CHINA> Regional
Shantytown renovation benefits over a million
By Li Qian (
Updated: 2007-02-12 10:02

Across Liaoning Province in northeast China, people who live in shantytowns are being moved to brand new apartments in a city effort that is expected to benefit over one million people.

Abandoned shantytown houses in Fuxin, northeast China's Liaoning Province February 6, 2007. []

The two-year shantytown renovation scheme started in 2005, and is aimed at improving people's living conditions as well as the city's environment. According to the policy, shantytown residents are entitled to new homes free of charge the same size as the shacks they left. They can also add extra square meters for a low price.

Fuxin, a city famous for its rich coal and mineral resources in Liaoning, had 300,000 people, or nearly 40 percent of the city's population, living in shantytowns before the renovation.

A large portion of the shantytown buildings were actually makeshift work sheds built for miners when Fuxin started its massive development of the coal mines half a century ago. Mining used to be a vital sector of the national economy during the early period of New China. But until recently, the miners lived in harsh conditions lacking improvement in basic facilities.

Exhaustion of natural resources in recent years has led to the bankruptcy of three major collieries in Fuxin, leaving tens of thousands of miners unemployed and families in worsening economic conditions. Eighty-five percent of those living in the shantytowns were related in some way to the coal mining industry. Either they worked for the coal companies, or they relied on someone who did for their income.

More than 70 percent shantytown dwellers were living under or near the domestic poverty line, local officials said. The shantytown renovations were sluggish as many of them are located in areas that real estate developers viewed as unprofitable, such as the outskirts of the city, or next to coal mines.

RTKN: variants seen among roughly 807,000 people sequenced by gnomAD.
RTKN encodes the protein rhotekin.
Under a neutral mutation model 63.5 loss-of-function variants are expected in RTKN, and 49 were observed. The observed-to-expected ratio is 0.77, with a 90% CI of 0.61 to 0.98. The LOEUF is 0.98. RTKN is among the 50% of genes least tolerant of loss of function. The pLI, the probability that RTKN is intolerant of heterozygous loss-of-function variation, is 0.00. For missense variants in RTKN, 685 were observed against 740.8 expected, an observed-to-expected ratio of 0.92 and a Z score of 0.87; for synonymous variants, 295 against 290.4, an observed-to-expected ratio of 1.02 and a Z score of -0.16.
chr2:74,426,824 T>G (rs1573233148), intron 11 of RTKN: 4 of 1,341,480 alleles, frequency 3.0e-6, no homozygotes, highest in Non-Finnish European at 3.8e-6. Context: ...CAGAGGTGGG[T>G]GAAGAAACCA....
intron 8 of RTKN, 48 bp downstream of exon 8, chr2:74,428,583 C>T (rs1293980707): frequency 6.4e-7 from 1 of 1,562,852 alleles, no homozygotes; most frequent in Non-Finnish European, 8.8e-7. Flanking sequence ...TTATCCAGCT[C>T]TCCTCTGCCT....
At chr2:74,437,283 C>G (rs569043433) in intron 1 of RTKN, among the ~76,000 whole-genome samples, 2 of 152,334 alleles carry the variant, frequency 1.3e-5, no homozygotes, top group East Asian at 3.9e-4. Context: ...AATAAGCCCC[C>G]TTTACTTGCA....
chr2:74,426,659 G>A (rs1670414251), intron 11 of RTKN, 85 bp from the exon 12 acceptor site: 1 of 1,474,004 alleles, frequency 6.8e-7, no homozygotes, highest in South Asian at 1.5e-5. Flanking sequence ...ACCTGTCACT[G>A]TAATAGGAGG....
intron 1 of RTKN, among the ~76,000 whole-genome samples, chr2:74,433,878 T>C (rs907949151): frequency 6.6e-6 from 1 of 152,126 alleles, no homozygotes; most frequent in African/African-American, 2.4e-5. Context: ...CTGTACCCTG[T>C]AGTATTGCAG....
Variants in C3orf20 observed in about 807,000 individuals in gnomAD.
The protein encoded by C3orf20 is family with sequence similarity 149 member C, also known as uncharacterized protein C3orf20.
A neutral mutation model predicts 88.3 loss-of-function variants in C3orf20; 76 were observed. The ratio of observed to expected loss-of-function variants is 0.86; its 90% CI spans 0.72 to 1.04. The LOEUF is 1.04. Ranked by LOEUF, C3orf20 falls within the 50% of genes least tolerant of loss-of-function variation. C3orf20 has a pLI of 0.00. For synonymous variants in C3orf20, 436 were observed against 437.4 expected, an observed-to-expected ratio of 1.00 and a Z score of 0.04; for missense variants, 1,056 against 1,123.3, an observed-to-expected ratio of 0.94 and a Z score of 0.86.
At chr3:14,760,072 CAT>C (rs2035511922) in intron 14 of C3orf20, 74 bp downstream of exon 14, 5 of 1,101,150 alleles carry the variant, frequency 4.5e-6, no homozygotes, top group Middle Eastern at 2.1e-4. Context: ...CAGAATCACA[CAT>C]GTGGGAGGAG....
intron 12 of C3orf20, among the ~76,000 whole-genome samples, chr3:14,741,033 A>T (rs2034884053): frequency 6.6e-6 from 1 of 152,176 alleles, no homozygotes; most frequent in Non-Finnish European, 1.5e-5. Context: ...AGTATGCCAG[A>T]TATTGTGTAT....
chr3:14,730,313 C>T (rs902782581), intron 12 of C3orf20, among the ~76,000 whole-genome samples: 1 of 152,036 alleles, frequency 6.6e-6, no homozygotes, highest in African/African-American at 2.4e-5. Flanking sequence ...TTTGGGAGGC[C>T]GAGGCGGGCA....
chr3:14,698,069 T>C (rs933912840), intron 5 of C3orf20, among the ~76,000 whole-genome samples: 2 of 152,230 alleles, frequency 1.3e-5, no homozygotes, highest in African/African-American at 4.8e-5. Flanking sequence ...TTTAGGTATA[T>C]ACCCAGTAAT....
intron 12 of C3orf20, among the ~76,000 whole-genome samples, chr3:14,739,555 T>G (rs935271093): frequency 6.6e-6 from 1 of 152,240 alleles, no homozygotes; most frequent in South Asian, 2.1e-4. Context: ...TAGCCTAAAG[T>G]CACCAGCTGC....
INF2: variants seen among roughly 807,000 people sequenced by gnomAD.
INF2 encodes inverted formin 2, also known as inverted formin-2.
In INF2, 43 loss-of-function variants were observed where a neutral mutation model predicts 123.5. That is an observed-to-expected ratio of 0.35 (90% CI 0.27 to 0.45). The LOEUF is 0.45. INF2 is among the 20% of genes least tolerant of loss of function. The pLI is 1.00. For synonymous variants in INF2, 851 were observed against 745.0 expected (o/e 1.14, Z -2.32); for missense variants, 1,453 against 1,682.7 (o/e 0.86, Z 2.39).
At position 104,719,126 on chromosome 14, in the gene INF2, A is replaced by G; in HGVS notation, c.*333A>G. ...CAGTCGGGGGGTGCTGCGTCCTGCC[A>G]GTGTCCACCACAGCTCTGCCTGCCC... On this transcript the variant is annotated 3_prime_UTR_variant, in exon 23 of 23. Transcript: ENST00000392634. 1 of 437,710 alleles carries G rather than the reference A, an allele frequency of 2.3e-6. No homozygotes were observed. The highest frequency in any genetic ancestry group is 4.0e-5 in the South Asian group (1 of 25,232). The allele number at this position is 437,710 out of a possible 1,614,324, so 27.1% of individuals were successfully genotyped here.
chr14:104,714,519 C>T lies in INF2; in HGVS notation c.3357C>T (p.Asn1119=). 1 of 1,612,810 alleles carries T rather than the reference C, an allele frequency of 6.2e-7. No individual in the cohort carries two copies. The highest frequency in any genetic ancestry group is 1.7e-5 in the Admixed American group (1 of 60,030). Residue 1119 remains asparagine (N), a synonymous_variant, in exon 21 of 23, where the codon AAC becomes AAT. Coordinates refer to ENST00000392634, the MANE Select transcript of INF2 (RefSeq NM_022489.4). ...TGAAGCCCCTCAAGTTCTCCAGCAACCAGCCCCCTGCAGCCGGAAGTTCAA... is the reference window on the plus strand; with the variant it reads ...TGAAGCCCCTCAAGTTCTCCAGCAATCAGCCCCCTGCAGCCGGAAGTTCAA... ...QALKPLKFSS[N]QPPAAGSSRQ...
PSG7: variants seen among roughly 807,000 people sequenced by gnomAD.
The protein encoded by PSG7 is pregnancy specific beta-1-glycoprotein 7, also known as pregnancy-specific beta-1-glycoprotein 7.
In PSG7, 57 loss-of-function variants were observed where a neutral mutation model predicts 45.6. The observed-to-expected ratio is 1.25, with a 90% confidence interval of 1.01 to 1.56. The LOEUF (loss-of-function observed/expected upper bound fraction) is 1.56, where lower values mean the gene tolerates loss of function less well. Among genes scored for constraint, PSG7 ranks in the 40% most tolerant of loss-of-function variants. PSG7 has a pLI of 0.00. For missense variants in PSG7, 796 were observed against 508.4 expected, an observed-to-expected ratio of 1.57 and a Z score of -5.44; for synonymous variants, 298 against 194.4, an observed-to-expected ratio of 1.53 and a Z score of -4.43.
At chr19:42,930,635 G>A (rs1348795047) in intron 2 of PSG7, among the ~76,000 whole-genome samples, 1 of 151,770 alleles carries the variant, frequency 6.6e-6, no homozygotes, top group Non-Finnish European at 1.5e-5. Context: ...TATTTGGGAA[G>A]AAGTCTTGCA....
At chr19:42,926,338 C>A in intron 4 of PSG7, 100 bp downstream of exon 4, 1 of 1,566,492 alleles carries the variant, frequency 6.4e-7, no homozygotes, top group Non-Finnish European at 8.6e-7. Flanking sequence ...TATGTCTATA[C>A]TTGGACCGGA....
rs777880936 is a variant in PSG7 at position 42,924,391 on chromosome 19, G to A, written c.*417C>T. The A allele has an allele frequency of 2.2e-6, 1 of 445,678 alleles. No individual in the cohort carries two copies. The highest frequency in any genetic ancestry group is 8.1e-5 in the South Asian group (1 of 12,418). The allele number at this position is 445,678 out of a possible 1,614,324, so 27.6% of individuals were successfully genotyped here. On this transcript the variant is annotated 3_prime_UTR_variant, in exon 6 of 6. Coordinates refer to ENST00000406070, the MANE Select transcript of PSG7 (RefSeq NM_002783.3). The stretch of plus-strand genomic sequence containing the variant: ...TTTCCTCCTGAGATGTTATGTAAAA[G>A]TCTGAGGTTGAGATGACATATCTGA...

In late 2005, Fuxin, the poorest city in Liaoning, launched its biggest ever city renovation project, partially funded by loans and the provincial government.

Until now, more than 2.2 million square meters of shantytown in Fuxin have been dismantled, and new apartment buildings are being erected on these sites, some of which have already been completed.

A group of shantytown residents in Tieling, another city in Liaoning, were the first in the province to move into the new apartments in October 2005. Tieling had 1.6 millions square meters of shantytowns, which were very near to the city centre, making planning and construction of new residential communities easier, with schools and shops already nearby.

A child plays at an exercise facility in a residential community rebuilt from a shantytown in Tieling, northeast China's Liaoning Province February 7, 2007. []

Residents saw their dreams come true when they moved from the shantytowns without heating, plumbing, paved roads or even clean toilets, into the new apartments, which are equipped with all the necessary residential facilities with medical staff, security guards and property managers working in the community. Heating, gas and electricity fees were slashed to make them more affordable.

Along with the renovations, new employment opportunities were also created for the significant unemployed population of the shantytowns. In Fuxin, nearly 10,000 former shanty residents have found jobs in their own apartment complexes since the first rebuilt community was completed.

Upon completion of the ambitious scheme, a total of 8,48 million square metres of shantytowns will be rebuilt in 11 cities in Liaoning. Local governments see the projects as very important, a way to repay low-income residents and an effort to build a harmonious society.